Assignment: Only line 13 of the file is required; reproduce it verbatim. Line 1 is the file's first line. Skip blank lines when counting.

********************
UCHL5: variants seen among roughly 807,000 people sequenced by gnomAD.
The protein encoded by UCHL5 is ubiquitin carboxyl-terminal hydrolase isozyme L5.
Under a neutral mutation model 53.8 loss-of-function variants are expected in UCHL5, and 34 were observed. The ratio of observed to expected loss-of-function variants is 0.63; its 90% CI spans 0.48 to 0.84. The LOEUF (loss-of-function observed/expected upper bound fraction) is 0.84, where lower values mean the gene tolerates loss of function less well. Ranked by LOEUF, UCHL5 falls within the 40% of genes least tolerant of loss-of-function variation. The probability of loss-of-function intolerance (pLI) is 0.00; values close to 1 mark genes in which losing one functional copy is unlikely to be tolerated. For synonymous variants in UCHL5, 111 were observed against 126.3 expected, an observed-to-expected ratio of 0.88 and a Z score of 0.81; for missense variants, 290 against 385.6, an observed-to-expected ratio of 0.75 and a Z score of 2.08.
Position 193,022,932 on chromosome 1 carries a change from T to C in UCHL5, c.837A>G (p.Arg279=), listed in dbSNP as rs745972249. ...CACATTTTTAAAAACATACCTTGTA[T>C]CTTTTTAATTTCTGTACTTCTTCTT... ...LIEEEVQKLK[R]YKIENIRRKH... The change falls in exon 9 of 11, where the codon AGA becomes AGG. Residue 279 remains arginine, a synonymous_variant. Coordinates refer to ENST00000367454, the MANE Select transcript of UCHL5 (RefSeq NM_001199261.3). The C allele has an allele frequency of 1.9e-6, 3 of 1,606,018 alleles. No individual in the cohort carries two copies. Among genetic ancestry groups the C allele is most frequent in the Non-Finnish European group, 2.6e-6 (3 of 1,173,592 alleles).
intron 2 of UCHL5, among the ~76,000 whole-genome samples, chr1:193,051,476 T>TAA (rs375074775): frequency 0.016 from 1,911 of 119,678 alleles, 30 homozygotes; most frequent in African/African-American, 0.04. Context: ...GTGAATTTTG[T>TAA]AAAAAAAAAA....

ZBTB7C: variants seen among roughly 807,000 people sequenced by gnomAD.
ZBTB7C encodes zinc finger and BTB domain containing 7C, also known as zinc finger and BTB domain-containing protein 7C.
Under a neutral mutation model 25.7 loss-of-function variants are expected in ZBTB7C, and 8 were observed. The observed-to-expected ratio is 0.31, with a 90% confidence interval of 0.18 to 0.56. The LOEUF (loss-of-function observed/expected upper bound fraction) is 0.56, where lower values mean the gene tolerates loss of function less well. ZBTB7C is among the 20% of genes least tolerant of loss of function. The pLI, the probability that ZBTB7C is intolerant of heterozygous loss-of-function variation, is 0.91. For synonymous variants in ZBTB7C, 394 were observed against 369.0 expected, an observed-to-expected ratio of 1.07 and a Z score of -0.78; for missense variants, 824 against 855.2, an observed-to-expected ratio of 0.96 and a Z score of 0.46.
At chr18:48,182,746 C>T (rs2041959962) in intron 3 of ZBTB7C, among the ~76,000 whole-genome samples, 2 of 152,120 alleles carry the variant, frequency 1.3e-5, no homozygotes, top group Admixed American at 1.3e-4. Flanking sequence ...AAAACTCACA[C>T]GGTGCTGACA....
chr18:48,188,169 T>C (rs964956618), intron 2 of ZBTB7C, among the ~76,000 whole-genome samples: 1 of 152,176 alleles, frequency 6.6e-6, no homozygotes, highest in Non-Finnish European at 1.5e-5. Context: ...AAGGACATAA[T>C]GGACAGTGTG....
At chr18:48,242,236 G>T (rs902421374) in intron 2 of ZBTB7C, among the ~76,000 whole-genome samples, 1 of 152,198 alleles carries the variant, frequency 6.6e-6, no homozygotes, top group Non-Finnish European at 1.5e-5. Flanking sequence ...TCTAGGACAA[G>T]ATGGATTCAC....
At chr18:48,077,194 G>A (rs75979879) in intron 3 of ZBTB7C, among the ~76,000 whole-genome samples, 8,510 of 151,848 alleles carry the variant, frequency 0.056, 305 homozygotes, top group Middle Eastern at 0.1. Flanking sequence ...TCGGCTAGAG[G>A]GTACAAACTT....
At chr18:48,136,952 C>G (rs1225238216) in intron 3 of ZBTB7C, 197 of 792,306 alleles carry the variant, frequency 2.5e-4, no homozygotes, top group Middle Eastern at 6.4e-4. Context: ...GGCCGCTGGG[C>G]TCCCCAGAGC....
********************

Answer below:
At chr18:48,136,952 C>G (rs1225238216) in intron 3 of ZBTB7C, 197 of 792,306 alleles carry the variant, frequency 2.5e-4, no homozygotes, top group Middle Eastern at 6.4e-4. Context: ...GGCCGCTGGG[C>G]TCCCCAGAGC....